2
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I'd like to see if there's any code reuse I'm missing, or anything else that can be rewritten in a better way, but always following the same data structures (without adding more classes or using the C++ list implementation).

Node* merge(Node* list1, Node* list2){
    if (list1 == nullptr){
        return list2;
    }
    else{
        if (list2 == nullptr){
            return list1;
        }
        else{
            Node* newList = nullptr;
            if (list1->data <= list2->data){
                newList = list1;
            }
            else{
                newList = list2;
            }
            while (list1->next != nullptr) {
                if (list1->next->data > list2->data){
                    Node* aux = list1->next;
                    list1->next = list2;
                    list2 = aux;
                }
                list1 = list1->next;
            }
            if (list1->next == nullptr){
                list1->next = list2;
            }
            return newList;
        }
    }
}
\$\endgroup\$
  • \$\begingroup\$ I deleted my answer because using iterators in this case would introduce very weird and hard to follow iterator invalidation rules. \$\endgroup\$ – Incomputable Apr 17 '17 at 16:41
  • \$\begingroup\$ I just realized there's a bug in this code... if list1 has elements: 2-3-4-9 and list2 has elements: 0-1-8 then the merged list omits the 2. \$\endgroup\$ – Floella Apr 24 '17 at 15:34
  • \$\begingroup\$ This would have been a better question if you'd shown the definition of Node so we don't have to infer it - even better would be a complete program with a main() to run a few tests, then we could verify our suggestions before posting. \$\endgroup\$ – Toby Speight May 4 '17 at 12:13
4
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I would do a couple of things differently.

Early escape

Your use of early escape is good and makes the code easier to read but you don't need the else section if the body of if statement returns.

Node* merge(Node* list1, Node* list2)
{
    if (list1 == nullptr){
        return list2;
    }
    if (list2 == nullptr){
        return list1;
    }
    // Main body of code.

This is quite normal. It reduces the number of level of indenting and makes the code look clean.

Self documenting code

I would encourage you to split getting the next item into a separate function (this facilitates self documenting code).

Node* getNextNode(Node*& list1, Node*& list2)
{
    // Work out which list has the smallest value.
    Node*& smallList = (list1->data < list2->data) ? list1 : list2;

    // The head of this list is the result
    Node* result = smallList;

    // Move the list to the next value (notice the call be reference).
    smallList = smallList->next;

    return result;
}

Simplified Body

Now if we rewrite the main body of your code in terms of this helper function;

Node* result  = getNextNode(list1, list2);
Node* current = result;

// Looping over the list until one is empty
// becomes very trivial now.
while(list1 != nullptr && list2 != nullptr)
{
     // Get next node and remove it from its list.
     Node* next    = getNextNode(list1, list2);
     current->next = next;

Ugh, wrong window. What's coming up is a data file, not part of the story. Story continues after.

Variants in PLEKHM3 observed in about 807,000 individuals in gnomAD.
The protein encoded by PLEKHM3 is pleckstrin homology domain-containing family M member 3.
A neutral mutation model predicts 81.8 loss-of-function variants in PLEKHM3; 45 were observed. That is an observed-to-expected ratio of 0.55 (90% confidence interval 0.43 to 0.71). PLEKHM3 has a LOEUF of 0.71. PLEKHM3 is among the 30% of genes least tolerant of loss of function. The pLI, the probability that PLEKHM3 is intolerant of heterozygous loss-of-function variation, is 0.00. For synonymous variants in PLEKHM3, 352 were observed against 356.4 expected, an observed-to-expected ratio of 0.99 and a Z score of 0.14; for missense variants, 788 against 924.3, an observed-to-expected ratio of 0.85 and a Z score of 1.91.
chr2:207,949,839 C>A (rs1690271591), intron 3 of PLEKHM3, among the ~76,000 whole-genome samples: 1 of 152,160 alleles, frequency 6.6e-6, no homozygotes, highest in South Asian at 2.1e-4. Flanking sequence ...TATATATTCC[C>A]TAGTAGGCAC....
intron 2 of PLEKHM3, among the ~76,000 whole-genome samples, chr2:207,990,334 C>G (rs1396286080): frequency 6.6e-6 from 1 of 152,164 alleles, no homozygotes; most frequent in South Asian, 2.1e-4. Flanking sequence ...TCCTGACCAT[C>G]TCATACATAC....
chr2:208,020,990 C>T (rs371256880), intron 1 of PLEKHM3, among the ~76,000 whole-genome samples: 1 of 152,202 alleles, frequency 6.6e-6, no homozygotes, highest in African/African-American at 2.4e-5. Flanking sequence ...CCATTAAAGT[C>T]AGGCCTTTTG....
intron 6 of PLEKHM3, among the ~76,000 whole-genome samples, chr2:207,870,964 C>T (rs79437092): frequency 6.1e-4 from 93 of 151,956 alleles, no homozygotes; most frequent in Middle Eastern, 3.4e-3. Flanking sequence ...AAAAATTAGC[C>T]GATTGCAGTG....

current       = next;
}

// One of the lists is empty.
// Add what is left of the other list on the end (ie after current).
current->next = (list1 == nullptr) ? list2 : list1;
return result;
\$\endgroup\$
1
\$\begingroup\$

As a general note, avoid needless indentation. Control-flow already leaves the function after return, so no need to open an else-block. Twice.

Use the power of double-indirection and you can remove all the special-cases:

Node* merge(Node* list1, Node* list2){
    Node* result;
    Node** current = &result;
    while(list1 && list2) {
        Node*& next = list2->data < list1->data ? list2 : list1;
        *current = next;
        next = next->next;
        current = &(*current)->next;
    }
    *current = list1 ? list1 : list2;
    return result;
}

As an aside, I'm using < instead of <= just like the standard library does.

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  • 1
    \$\begingroup\$ Assuming you just want to make it harder to read. The special cases make the code simple to read and don't degrade performance in any way so there seems no pressing reason to remove them. Then using this double indirection seems doubly as unpleasant to read. \$\endgroup\$ – Martin York Apr 17 '17 at 16:13
  • \$\begingroup\$ I think you are forgetting the mission of the site. The point is to encourage best practices not premature optimization or an attempt to write the most compressed form of the code we can find and definitely not to try and make an expressive language like C++ look like yesterdays C code. \$\endgroup\$ – Martin York Apr 17 '17 at 16:21
  • 1
    \$\begingroup\$ Double-pointers aren't poison. True, you don't want to be a five-star-programmer, but one can take it too far in the other direction too! Well, I've used longer names now, there was no reason to be stingy there... \$\endgroup\$ – Deduplicator Apr 17 '17 at 20:51
  • \$\begingroup\$ Double de-referencing has its place. But this is just not it. You are skewing way to far towards premature optimization. Good practice is to write readable code first (not pre-optimized code). \$\endgroup\$ – Martin York Apr 17 '17 at 22:31
  • \$\begingroup\$ You are doing double-indirection too, through a Node* instead of a Node**, and thus you need to handle the head separately. That's no win. \$\endgroup\$ – Deduplicator Apr 21 '17 at 17:07

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